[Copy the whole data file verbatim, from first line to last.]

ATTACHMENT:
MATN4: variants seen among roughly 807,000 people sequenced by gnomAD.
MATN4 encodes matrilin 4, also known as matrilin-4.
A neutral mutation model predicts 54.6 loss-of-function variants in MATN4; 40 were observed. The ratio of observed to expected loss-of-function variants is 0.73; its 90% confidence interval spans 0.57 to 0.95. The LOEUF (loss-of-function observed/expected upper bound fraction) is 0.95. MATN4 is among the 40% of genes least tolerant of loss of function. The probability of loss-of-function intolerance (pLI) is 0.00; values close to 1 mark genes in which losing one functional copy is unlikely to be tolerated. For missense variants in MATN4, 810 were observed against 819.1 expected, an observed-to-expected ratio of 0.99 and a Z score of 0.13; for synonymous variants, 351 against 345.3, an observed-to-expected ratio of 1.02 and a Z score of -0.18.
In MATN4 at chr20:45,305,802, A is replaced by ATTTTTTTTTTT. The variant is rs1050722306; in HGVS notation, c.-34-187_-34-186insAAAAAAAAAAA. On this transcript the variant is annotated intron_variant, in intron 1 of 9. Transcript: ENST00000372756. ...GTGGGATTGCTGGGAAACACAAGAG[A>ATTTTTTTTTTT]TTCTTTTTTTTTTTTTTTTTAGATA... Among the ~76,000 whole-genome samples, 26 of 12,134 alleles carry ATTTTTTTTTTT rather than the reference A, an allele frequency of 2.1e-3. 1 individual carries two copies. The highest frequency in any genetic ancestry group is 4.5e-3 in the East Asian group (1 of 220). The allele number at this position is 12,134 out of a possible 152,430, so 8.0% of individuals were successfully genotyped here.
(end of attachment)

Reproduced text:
MATN4: variants seen among roughly 807,000 people sequenced by gnomAD.
MATN4 encodes matrilin 4, also known as matrilin-4.
A neutral mutation model predicts 54.6 loss-of-function variants in MATN4; 40 were observed. The ratio of observed to expected loss-of-function variants is 0.73; its 90% confidence interval spans 0.57 to 0.95. The LOEUF (loss-of-function observed/expected upper bound fraction) is 0.95. MATN4 is among the 40% of genes least tolerant of loss of function. The probability of loss-of-function intolerance (pLI) is 0.00; values close to 1 mark genes in which losing one functional copy is unlikely to be tolerated. For missense variants in MATN4, 810 were observed against 819.1 expected, an observed-to-expected ratio of 0.99 and a Z score of 0.13; for synonymous variants, 351 against 345.3, an observed-to-expected ratio of 1.02 and a Z score of -0.18.
In MATN4 at chr20:45,305,802, A is replaced by ATTTTTTTTTTT. The variant is rs1050722306; in HGVS notation, c.-34-187_-34-186insAAAAAAAAAAA. On this transcript the variant is annotated intron_variant, in intron 1 of 9. Transcript: ENST00000372756. ...GTGGGATTGCTGGGAAACACAAGAG[A>ATTTTTTTTTTT]TTCTTTTTTTTTTTTTTTTTAGATA... Among the ~76,000 whole-genome samples, 26 of 12,134 alleles carry ATTTTTTTTTTT rather than the reference A, an allele frequency of 2.1e-3. 1 individual carries two copies. The highest frequency in any genetic ancestry group is 4.5e-3 in the East Asian group (1 of 220). The allele number at this position is 12,134 out of a possible 152,430, so 8.0% of individuals were successfully genotyped here.